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Spearman’s Rank Order Correlation Page 1
How to Compute and Interpret Spearman’s Rank Order Correlation
Objective: Learn how to compute, interpret and use Spearman’s rank order correlation.
Keywords and Concepts
1. Spearman’s rank order correlation 4. Rank order
5. Difference between ranks
2. rho
3. Ordinal data 6. Degrees of freedom (df)
Spearman’s rank order correlation (ρ or rho) determines the relationship between
two sets of ordinal data (usually paired) that initially appear in rank order or have been
converted to rank order. It uses the item’s position in a rank-ordered list as the basis for
assessing the strength of the association. Data in Kinesiology and sports competition
frequently appear as ranked data. For example, a coach may rank his players’ skill level
from 1 (highest skill), 2 (next best) on down to the last rank (lowest skill). Baseball
leagues and ladder and round-robin tournaments rank individuals or teams. Even
when data have been collected on a parametric variable, the raw data can be converted
to rankings and the rank order correlation method applied, although at the expense of
some loss in mathematical precision.
Rank Order Correlation Formula
6￥ 2d
ρ =1 - 2
N(N - 1)
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Spearman’s Rank Order Correlation Page 2
where, ρ (rho) is Spearman’s rank order correlation coefficient, d is the difference
between ranks for the two observations within a pair (see table 1 below), and N
represents the total number of subjects (i.e., number of data pairs ). The number in the
numerator is always 6. The degrees of freedom (df) for rho calculates as (df = Npairs - 2.)
Example
The data in Table 1 illustrate 10 major universities’ ranked for research dollars
awarded in health sciences and their football team’s conference ranking in 2001.
Table 1. Rankings of major U.S. universities (A-J) for research
dollars and football rankings.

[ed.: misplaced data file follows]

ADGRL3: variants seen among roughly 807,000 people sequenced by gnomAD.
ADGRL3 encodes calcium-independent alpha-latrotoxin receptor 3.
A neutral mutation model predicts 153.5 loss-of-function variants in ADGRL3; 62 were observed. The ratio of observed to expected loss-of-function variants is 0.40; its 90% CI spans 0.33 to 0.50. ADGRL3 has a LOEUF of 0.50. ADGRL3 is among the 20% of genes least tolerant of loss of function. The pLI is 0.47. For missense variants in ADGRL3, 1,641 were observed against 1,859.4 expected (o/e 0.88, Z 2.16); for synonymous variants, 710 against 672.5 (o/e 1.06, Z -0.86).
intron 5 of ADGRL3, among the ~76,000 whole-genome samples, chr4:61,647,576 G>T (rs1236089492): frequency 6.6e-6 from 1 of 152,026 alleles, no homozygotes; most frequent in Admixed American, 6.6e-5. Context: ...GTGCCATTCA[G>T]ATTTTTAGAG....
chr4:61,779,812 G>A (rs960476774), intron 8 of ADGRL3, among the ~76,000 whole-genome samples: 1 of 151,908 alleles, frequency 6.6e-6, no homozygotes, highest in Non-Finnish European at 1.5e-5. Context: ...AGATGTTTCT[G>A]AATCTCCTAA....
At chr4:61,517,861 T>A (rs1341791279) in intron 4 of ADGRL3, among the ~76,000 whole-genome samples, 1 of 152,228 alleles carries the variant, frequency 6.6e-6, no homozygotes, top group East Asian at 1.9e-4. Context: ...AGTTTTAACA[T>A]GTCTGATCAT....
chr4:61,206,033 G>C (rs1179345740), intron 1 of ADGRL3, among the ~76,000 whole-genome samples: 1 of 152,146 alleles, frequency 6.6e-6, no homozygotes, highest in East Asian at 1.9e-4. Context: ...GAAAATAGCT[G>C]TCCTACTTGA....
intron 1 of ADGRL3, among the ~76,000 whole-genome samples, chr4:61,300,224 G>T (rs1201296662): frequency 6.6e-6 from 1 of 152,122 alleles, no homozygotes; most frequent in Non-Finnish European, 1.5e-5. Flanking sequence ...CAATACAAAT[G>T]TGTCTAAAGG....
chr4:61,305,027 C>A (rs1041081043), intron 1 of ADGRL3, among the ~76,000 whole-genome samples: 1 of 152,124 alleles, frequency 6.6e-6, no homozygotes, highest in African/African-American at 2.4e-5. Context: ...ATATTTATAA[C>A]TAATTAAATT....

School A B C D E F G H I J
Research
1 2 4 6 3 5 9 7 10 8
dollars
Football
4 5 3 1 9 7 6 8 2 10
rankings
3 3 1 5 6 2 3 1 8 2
d
9 9 1 25 36 4 9 1 64 4
d2
Solution
When two scores tie in rank, both are given the mean of the two ranks they
would occupy and the next rank is eliminated to keep N consistent. For example, if two
schools tied for 4th place, both would receive a rank of 4.5 (4 + 5 ÷ 2), and the next school
would be ranked number 6.
The following equation computes Spearman’s rank order correlation:
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Spearman’s Rank Order Correlation Page 3
6￥ 2d
ρ =1 - 2
N(N - 1)
6(162)
r =1 -
10(10 2 - 1)
972
r =1 -
990
r = 0.02
Interpretation
To determine if the rho coefficient is statistically significant (e.g., reject the Null
hypothesis that the real rho is zero), compare the magnitude of rho versus the value
found in Table 2. The degrees of freedom (df) equal:
df = Npairs - 2
= 10 - 2 = 8
From table 2, at the 0.05 level of significance, with df = 8, a rho correlation
coefficient of 0.74 is required for statistical significance. Thus, the observed rho of 0.02
indicates that there is no relationship between rankings of college football programs
and the amount of research dollars generated in the health sciences. Note that the table
only goes up to N = 30. If N > 30, then the following formula computes the critical value
to assess the statistical significance of the rho coefficient.
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Spearman’s Rank Order Correlation Page 4
ﾱz
ρ=
N- 1
where the value of z corresponds to the significance level. For example, if the
significance level is 0.05, z will equal 1.96. If rho exceeds the computed critical value, it is
statistically significant.